Walking into my internship at Samaritas the Tuesday after the EO was signed was an experience of mixed emotions. The atmosphere was heavy and my conversations with staff members included tears, confusion, and frustration. In this post, I will attempt to describe the local effects of President Trump’s Executive Order regarding immigration and refugees. The Grand Rapids community, a historical hub for refugee resettlement, has certainly taken a hit because of it.
So, the Monday following the EO, Samaritas staff had a conference call with their VOLAG sponsors (Lutheran Immigration and Refugee Services & Episcopal Migration Ministries), that was filled with uncertainly. The vague conclusion to the call? As quoted by Samaritas staff, “VOLAGs are working hard to figure out what the hell is going on.” They were informed that they could not guarantee Matching Grant funding, so clients who have been resettled within the past 90-days may not have access to Matching Grant benefits (see last post). Both clients and staff are feeling the blow. Samaritas staff were informed that if funding for LIRS and EMM is cut, Samaritas too would face budget cuts, staff cuts, etc. When your boss says he will support you in looking for other jobs, you expect the worst, yet everything is still surrounded in mystery. What they did know, however, is that they were allowed to resettled through Thursday of that week (February 2nd) and had 2 more arrivals, both from the Congo, before they “go dark” as Samaritas staff put it. As of the 27th, any arrivals from the seven banned countries were immediately cancelled, but anyone else already in-progress was allowed to enter, as their airplane tickets had already been purchased.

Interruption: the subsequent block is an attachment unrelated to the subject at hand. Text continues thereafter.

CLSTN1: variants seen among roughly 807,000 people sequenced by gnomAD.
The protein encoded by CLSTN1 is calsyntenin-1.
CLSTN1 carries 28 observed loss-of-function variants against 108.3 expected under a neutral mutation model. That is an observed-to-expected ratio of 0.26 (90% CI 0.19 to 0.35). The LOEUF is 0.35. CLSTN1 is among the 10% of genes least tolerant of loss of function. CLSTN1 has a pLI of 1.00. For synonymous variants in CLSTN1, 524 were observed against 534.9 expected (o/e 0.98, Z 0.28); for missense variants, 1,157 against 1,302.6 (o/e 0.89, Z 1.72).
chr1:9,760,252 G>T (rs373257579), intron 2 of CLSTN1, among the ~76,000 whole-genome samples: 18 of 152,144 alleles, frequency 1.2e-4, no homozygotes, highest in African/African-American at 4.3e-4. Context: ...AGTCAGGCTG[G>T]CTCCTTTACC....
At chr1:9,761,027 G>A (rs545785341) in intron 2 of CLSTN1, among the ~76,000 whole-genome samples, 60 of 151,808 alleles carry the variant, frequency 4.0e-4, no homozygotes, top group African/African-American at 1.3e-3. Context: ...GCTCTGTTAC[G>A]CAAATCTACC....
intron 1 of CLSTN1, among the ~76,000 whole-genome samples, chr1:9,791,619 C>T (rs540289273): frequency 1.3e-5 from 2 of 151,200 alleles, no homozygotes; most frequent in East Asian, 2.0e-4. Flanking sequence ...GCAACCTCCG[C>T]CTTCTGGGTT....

Knowing that, here are some numbers to consider:
Of the new refugee acceptance ceiling of 50,000 for 2017 FY, around 36,000 have already been resettled (the fiscal year is Oct. 1 2016 → Sept. 30, 2017). That means, that after the 120-day ban on all refugees is lifted in May, the United States will resettled a meager total of around 14,000 more refugees from May to September. Split that number (14,000) between the nine major VOLAGs and the 350+ sub-agencies around the nation, and Samaritas and Bethany Christian Services in Grand Rapids will probably resettle around 100 refugees. To put that in perspective with last fiscal year, Samaritas alone, resettled 576 individuals and Bethany Christian resettled a similar amount, making the total resettled in GR over 1,000. Want more numbers? GR will resettle 10% of what they did last year.
After the EO, Samaritas saw a lot of community support, but without clients, what can they do with said support?
Chris Cavanaugh, resettlement program director at Samaritas, spoke on Stateside Michigan Radio about the challenges that refugees in the area are facing in the wake of Trump’s EO. He said, “I wish we had extreme vetting of [politicians] as much as we do for refugees.” Please listen to the 10-minute conversation HERE, it’s worth it.
Refugees bring great diversity and unique talent and tradition to the Grand Rapids community and are unparalleled models of human resiliency and dedicated hard work. When our refugee neighbors apply these traits toward a wealth of ambitious dreams, they make West Michigan ever more rich. I urge you not to forget their important and invaluable roles in our community and greater society.